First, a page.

We have constitutional rules and parliamentary procedures on the formation and maintenance of Government. The Government’s mandate comes from the Dail. It’s up to the Dail, not opinion polls or the results of mid-term elections, to determine the fate of any government. Only the loss of a financial motion or of a vote of confidence requires a Taoiseach to seek dissolution of the government of the day from the President, who in particular circumstances, also has the power to refuse a dissolution. As we saw in 1995, the formation of a new majority administration from within the ranks of the Dail is possible without an election. The ‘Rianbow Coaltion’ had no mandate from the public. In all other political circumstances, the decision on when to seek a dissolution is a matter solely for the Taoiseach of the day.

In many democracies, parliaments are fixed and there is no possibility of running to the country within the fixed term – the parliamentarians have to patch a new government together and get on with the job they were elected to do, irrespective of parliamentary or political upheavals that force one party of government or another out of the frame in mid-term. If Fine Gael’s motion of no confidence fails, then another one cannot be tabled for six months; another brake in our system to prevent irresponsible posturing by elected parliamentarians to suit their own narrow ends. And the government can continue in office until such time as it loses a financial vote and the support of the Dail for its economic policies. So it would be a great help if there was less of this dangerous old guff about a general election from opposition desperadoes who feel the political wind at their backs right now, and a little more clarity from them as to how we’re going to work our way out of this mess.

As for NAMA, you won’t have ‘job preservation’ or ‘job creation’, or hospitals or an education system or anything else worthy of the name if you don’t have a functioning banking system. Nama is far from the perfect solution to the banking mess, as economists on this site have rightly pointed out in their critique of the proposal, but right now it is the least obnoxious and least damaging to our economy of all the solutions that have been put forward by the carious political factions. A general election now would fatally delay a whole host of actions and decisions that must be made by Government to deal with our economic problems over the coming months and get the country back on track. Any incoming new government will be faced with the same difficult decisions – except that the distraction of the election process will have exacerbated our economic deterioration in the meantime.

And yes, personally I want a change of government. The sooner, the better. I’d happily go to any number of lynching parties as well. And I’d feel oh so much better as I watched those who got us into this mess in the first place swinging in the breeze. But when those feelings subsided I – and all of us – would still be faced with the same problems to resolve.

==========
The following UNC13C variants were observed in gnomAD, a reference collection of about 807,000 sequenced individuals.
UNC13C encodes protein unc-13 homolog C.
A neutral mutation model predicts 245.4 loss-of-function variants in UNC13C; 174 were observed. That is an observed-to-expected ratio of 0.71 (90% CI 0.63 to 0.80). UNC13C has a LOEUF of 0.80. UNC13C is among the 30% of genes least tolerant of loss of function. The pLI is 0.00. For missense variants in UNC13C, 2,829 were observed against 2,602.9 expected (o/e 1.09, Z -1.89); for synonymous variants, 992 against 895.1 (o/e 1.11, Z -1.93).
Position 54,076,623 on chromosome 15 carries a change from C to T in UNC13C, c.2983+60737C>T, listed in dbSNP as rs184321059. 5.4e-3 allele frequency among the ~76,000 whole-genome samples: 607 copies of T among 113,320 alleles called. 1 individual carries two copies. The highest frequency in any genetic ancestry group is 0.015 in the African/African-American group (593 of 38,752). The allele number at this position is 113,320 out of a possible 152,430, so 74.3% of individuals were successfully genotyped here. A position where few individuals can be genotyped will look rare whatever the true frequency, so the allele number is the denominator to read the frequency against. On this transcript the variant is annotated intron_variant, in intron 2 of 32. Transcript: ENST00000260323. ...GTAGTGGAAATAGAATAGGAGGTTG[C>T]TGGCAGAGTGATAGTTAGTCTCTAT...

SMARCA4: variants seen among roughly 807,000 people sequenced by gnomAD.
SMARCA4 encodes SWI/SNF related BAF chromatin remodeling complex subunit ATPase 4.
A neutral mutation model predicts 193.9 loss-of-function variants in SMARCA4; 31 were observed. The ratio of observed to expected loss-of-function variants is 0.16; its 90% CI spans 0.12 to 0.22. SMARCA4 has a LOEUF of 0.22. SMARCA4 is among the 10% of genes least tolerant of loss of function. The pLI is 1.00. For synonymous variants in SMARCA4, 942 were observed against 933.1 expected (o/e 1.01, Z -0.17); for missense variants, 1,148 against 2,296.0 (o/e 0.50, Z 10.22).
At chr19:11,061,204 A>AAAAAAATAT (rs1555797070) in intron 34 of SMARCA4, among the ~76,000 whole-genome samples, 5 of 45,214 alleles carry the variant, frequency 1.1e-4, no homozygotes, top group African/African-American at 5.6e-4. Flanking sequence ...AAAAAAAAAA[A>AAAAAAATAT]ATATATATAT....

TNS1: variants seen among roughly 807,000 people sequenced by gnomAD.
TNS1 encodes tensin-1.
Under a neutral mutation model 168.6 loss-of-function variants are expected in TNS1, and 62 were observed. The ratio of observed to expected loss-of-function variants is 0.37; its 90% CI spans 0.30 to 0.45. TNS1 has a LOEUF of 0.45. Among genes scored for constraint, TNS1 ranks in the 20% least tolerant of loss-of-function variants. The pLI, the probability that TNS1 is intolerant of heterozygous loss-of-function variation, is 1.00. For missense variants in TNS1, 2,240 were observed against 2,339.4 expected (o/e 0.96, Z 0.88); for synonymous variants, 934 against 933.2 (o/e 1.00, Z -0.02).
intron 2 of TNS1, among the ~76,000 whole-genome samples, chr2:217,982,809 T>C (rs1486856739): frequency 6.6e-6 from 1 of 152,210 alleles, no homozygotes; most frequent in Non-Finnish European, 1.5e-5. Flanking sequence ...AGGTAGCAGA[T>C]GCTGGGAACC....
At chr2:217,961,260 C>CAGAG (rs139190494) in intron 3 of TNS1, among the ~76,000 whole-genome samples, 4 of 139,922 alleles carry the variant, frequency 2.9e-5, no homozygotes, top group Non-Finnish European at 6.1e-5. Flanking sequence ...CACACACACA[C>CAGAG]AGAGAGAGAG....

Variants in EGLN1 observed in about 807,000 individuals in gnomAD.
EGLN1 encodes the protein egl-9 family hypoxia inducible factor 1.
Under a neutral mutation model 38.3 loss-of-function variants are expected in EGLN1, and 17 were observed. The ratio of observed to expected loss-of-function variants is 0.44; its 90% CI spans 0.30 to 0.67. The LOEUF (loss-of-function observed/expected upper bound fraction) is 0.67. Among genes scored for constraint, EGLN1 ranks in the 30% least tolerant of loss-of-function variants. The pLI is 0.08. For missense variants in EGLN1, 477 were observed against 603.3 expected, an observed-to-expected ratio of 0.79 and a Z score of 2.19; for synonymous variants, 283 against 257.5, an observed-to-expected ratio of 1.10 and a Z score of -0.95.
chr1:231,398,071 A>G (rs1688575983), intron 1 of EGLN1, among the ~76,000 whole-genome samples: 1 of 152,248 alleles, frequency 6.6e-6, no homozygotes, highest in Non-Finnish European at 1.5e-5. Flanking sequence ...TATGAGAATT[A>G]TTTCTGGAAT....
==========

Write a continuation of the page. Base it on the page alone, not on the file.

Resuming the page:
Finally on Paul Krugman , no-one in the US adminsitration listens to him; so why are we all agog?

@ Veronica

During a crisis period, there is surely a right to publicly protest to force an early general election, which is being resisted by the same people who have significantly contributed to the severity of the calamity — as happened in Iceland.

To argue otherwise, is to leave people with just the option of civil disorder.

The patriotic duty may well be to peacefully protest to force an election.

If Michael Hennigan’s view was applied worldwide, then there’d now be a general election in virtually every country in the world. Even in his favourite country, Finland, which today reported its GDP in 2009 Q1 down 7.6% year-on-year, greater than Ireland’s current year-on-year GDP fall. And certainly in the U.K, where the Labour Party got 16% of the vote in the Euro elections, against Fianna Fail’s 25%, and where the projected budget deficit in 2009 is higher than in Ireland.

It would not facilitate good government if, every time a government had to make tough decisions, it was forced to go to the country just because it lost a bye-election or was on the receiving end of protest votes in Euro elections. If that was the case, there’d be a general election every two years. The obvious solution is to have fixed-term parliaments of four or five years, so incumbent governments can’t simply go the country when it suits them.

The clamour for an immediate general election is not based on the belief that it would help the economy, but is inspired by fear that ESRI’s forecast that the economy will be growing by almost 6% a year from 2011 on might come true, with obvious political implications. They see mid to late 2009 as their once-in-a-lifetime window of opportunity to finish off the hated Fianna Fail once and for all. By 2010 or 2012 it will be too late. Fine Gael/Labour will almost certainly win any election then, but with just the normal majority of a few seats, rather than the landslide that would keep Fianna fail out of power for decades if an election were held now.

As for ‘civil disorder’, its just pub talk.


Fine. Peacefully protest away – and see how many people you can get to participate. My guess is: not so many. We’re not Iceland 2 – not yet anyway! Even in the wake of the disastrous October Budget it was specific interest groups that took to the streets, OAPs and students and teh feeble marches of the trades unions, not the general population.